Removing the bottle from the rack felt like it required the upper body strength of an All Black, while pouring it proved a similarly strenuous task. By the time I'd got the wine in my glass I'd worked up quite a sweat, as have some more environmentally aware sectors of the wine industry when it comes to such super-sized bottles.
While wineries in the Americas and Italy have a particular penchant for putting their premium wines in unwieldy vessels that can weigh in at more than their contents, some of our companies are putting their top drops in bottles close to a kilo. With the sizeable carbon cost of producing and shipping these monsters, the time is ripe for a rethink.
"Packaging is by far the most significant emission source in the lifecycle emissions of a wine product," says Roger Kerrison of wine industry sustainability consultants, Aura Sustainability.
"If you took the worst case scenario of wine bottled in imported Grand Burgundy bottles in New Zealand which is then shipped to the UK, the packaging could contribute directly and indirectly to over 50 per cent of the footprint.
Putting wine in lighter weight glass could shave around 15 per cent."
In Australia, bottle manufacturer O-I has come up with its ultra light "Lean and Green" bottle that has considerably reduced the weight, energy and water consumption connected with each bottle. While these aren't currently available over here, growing demand has led to its New Zealand sister company to launch a lighter option later this year, which like its other bottles is now made from 60 per cent recycled material from kerbside collections.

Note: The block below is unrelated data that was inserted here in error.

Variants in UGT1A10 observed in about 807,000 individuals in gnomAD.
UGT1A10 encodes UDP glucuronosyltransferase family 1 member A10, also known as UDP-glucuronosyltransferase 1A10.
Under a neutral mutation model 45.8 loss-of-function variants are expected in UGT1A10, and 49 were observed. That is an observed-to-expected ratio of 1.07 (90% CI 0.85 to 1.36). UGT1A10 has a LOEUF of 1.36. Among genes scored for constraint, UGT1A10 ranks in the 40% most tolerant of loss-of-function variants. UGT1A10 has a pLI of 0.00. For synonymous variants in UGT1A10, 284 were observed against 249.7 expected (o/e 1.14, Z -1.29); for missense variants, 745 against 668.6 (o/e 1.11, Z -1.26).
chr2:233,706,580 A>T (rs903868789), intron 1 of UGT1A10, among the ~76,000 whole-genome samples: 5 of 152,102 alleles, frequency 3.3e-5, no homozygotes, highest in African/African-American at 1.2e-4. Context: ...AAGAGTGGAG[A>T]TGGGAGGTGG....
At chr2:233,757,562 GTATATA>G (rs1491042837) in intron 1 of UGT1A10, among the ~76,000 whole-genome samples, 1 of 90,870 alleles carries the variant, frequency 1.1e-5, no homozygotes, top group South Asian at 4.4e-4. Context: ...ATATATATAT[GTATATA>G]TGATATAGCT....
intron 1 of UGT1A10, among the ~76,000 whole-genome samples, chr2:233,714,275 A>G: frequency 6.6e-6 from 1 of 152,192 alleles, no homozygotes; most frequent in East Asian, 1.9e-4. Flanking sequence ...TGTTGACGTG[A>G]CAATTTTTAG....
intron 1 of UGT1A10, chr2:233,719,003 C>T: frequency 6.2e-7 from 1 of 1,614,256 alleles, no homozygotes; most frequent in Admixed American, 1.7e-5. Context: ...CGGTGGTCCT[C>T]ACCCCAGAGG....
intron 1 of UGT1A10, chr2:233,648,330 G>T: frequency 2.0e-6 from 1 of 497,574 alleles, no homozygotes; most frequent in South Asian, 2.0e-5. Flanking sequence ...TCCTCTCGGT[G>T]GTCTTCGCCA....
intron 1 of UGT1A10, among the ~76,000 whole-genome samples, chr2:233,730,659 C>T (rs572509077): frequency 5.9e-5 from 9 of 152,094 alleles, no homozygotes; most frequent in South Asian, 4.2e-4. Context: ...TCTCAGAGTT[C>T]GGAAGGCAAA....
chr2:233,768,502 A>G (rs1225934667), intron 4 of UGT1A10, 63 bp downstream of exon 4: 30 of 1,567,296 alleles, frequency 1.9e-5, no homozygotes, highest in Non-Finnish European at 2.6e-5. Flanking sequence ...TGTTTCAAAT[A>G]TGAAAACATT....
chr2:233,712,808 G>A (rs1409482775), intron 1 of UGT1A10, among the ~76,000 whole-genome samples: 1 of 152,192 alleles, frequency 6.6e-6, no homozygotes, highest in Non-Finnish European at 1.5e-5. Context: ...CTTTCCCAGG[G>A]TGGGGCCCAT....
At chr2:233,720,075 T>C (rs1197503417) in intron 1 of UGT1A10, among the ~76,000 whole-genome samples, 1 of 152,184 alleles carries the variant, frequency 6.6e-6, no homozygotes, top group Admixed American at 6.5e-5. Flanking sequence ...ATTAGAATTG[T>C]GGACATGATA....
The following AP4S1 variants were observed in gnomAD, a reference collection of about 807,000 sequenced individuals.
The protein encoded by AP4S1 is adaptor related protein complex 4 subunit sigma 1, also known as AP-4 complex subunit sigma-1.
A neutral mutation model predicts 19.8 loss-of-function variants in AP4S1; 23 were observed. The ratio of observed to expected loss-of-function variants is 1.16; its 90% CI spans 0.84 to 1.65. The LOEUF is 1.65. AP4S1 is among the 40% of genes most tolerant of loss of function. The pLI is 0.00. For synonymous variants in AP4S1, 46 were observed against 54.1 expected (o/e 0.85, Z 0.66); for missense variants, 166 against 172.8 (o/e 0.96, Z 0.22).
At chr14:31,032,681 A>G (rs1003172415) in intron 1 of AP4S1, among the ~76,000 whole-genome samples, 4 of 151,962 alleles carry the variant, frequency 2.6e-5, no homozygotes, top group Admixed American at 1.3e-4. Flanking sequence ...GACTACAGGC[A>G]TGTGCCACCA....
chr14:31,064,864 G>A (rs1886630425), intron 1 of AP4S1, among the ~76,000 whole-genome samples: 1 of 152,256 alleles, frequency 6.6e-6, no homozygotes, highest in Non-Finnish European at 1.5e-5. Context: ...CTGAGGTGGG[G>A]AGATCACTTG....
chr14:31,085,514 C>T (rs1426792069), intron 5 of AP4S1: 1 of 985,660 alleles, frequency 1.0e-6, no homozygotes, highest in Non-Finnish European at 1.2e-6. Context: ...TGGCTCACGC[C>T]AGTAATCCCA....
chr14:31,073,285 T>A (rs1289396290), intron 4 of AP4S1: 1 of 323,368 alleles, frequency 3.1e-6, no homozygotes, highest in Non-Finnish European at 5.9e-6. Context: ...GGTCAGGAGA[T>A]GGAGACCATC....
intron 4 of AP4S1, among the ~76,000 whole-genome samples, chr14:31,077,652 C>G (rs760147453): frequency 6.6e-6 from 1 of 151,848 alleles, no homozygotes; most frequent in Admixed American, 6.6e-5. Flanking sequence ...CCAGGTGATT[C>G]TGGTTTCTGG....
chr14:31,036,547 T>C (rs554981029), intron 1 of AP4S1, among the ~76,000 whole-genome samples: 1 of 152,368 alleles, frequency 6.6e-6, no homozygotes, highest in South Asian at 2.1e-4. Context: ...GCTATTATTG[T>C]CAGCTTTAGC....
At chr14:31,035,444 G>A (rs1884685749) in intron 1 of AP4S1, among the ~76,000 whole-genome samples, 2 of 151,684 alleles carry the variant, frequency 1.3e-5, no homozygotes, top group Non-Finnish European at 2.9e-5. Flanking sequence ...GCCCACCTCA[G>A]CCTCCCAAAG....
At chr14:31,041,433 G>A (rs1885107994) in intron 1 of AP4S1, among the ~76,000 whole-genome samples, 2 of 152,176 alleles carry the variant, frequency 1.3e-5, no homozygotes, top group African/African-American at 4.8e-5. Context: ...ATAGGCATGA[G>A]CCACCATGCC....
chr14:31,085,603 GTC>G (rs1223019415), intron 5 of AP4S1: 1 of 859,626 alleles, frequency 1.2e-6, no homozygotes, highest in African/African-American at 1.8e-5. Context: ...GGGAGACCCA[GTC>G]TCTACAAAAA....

Cutting the carbon footprint of our wine exports could become even more pressing with the recent adoption of "green scores" by the UK's largest grocery chain, which is starting to label products with the amount of carbon dioxide created in their production, use and disposal. This approach may well go mainstream when the ISO 14067 international standard for product carbon footprinting and labelling is launched in 2011.
Glass is one of the heavier packaging materials, which has made wineries investigate alternatives. Australian winery Wolf Blass has just released part of its range in plastic bottles in its local market, which it claims are 90 per cent lighter than standard glass and able to keep wine in good condition for a year due to new technology. However, this is still not long enough for many wineries that have historically rejected plastic bottles due to their short shelf life.
Freshness is also an issue with another more environmentally friendly packaging option, the lowly bag-in-box. While not currently suited to long-term storage, perhaps more of a stumbling block is the stigma associated with imbibing from the bladder that's made many steer clear of putting premium products into Château Cardboard.
At Grove Mill, chief winemaker Dave Pearce thinks that the new "wine pouch" pioneered by South African winery Arniston Bay may be an even better bet. Similar in appearance to what we currently see packaging some soups, it also sports a re-sealable cap or tap. Most importantly, it boasts a diminutive carbon footprint, weighs next to nothing and offers huge economies of space when transported.
However, for many, a heavy glass bottle still suggests the wine within it possesses similar gravitas. Wine drinkers may have switched to accepting screwcaps far quicker than anyone imagined, convincing them to sup from a pouch may be far harder to crack.
Spy Valley Marlborough Pinot Gris 2008 $22.90
Wonderfully fresh and fragrant, this gris has mouthfilling ripe pear and stonefruit spiced with nutmeg, and a faint infusion of smoke.
(From Glengarry, Lovrich Wines, Duffy & Finn's, Village Winery, Liquor King Ponsonby, Super Liquor Albany, Liquorland Mt Eden & Forrest Hill, New World Victoria Park & Devonport.)
Weka River Waipara Riesling 2008 $22
Light in alcohol, with lifted notes of blossom and ginger over crunchy green apple and mineral, the gentle sweetness of this lovely riesling from a boutique Waipara winery is expertly counterpoised with its grapefruity acid.
(From wekariver.co.nz, Scenic Cellars.)
Ring Bolt Margaret River Cabernet Sauvignon 2007 $21
Classic cabernet flavours of juicy blackcurrant, backed by herbal savoury notes, combine with spice and mocha in the excellent and affordable example.
(From Caro's, Don Johnson, First Glass and some New Worlds.)